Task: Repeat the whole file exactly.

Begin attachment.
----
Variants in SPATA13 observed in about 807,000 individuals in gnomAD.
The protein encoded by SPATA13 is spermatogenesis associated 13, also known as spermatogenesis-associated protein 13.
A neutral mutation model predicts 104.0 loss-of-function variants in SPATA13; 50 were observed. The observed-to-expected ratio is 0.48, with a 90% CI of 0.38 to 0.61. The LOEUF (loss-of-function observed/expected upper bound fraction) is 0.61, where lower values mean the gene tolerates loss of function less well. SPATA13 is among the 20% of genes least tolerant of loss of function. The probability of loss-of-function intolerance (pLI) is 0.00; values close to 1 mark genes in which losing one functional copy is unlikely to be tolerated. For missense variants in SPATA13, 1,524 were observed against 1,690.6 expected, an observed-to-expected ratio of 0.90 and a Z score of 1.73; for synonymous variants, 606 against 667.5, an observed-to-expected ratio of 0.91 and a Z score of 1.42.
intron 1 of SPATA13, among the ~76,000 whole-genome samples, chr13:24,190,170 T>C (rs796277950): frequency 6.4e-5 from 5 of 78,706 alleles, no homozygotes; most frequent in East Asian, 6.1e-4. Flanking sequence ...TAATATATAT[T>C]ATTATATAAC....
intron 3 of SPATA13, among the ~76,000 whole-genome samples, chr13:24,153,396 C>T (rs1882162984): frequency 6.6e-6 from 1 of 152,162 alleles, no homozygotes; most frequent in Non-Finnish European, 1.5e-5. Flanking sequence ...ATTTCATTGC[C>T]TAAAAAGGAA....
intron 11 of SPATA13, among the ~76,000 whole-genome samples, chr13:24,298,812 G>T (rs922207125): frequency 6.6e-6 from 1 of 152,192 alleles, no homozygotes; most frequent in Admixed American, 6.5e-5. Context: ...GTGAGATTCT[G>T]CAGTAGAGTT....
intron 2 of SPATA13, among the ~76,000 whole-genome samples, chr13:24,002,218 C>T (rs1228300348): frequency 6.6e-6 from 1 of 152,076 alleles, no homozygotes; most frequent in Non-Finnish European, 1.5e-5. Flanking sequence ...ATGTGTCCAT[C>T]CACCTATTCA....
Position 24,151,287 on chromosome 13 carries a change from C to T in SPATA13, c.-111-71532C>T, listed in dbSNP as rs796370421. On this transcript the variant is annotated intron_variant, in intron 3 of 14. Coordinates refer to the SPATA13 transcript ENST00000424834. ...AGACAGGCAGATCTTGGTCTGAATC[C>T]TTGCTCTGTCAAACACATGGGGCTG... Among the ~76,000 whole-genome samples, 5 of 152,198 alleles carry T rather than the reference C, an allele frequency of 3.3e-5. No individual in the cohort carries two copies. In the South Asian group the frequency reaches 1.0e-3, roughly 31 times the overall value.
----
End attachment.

Variants in SPATA13 observed in about 807,000 individuals in gnomAD.
The protein encoded by SPATA13 is spermatogenesis associated 13, also known as spermatogenesis-associated protein 13.
A neutral mutation model predicts 104.0 loss-of-function variants in SPATA13; 50 were observed. The observed-to-expected ratio is 0.48, with a 90% CI of 0.38 to 0.61. The LOEUF (loss-of-function observed/expected upper bound fraction) is 0.61, where lower values mean the gene tolerates loss of function less well. SPATA13 is among the 20% of genes least tolerant of loss of function. The probability of loss-of-function intolerance (pLI) is 0.00; values close to 1 mark genes in which losing one functional copy is unlikely to be tolerated. For missense variants in SPATA13, 1,524 were observed against 1,690.6 expected, an observed-to-expected ratio of 0.90 and a Z score of 1.73; for synonymous variants, 606 against 667.5, an observed-to-expected ratio of 0.91 and a Z score of 1.42.
intron 1 of SPATA13, among the ~76,000 whole-genome samples, chr13:24,190,170 T>C (rs796277950): frequency 6.4e-5 from 5 of 78,706 alleles, no homozygotes; most frequent in East Asian, 6.1e-4. Flanking sequence ...TAATATATAT[T>C]ATTATATAAC....
intron 3 of SPATA13, among the ~76,000 whole-genome samples, chr13:24,153,396 C>T (rs1882162984): frequency 6.6e-6 from 1 of 152,162 alleles, no homozygotes; most frequent in Non-Finnish European, 1.5e-5. Flanking sequence ...ATTTCATTGC[C>T]TAAAAAGGAA....
intron 11 of SPATA13, among the ~76,000 whole-genome samples, chr13:24,298,812 G>T (rs922207125): frequency 6.6e-6 from 1 of 152,192 alleles, no homozygotes; most frequent in Admixed American, 6.5e-5. Context: ...GTGAGATTCT[G>T]CAGTAGAGTT....
intron 2 of SPATA13, among the ~76,000 whole-genome samples, chr13:24,002,218 C>T (rs1228300348): frequency 6.6e-6 from 1 of 152,076 alleles, no homozygotes; most frequent in Non-Finnish European, 1.5e-5. Flanking sequence ...ATGTGTCCAT[C>T]CACCTATTCA....
Position 24,151,287 on chromosome 13 carries a change from C to T in SPATA13, c.-111-71532C>T, listed in dbSNP as rs796370421. On this transcript the variant is annotated intron_variant, in intron 3 of 14. Coordinates refer to the SPATA13 transcript ENST00000424834. ...AGACAGGCAGATCTTGGTCTGAATC[C>T]TTGCTCTGTCAAACACATGGGGCTG... Among the ~76,000 whole-genome samples, 5 of 152,198 alleles carry T rather than the reference C, an allele frequency of 3.3e-5. No individual in the cohort carries two copies. In the South Asian group the frequency reaches 1.0e-3, roughly 31 times the overall value.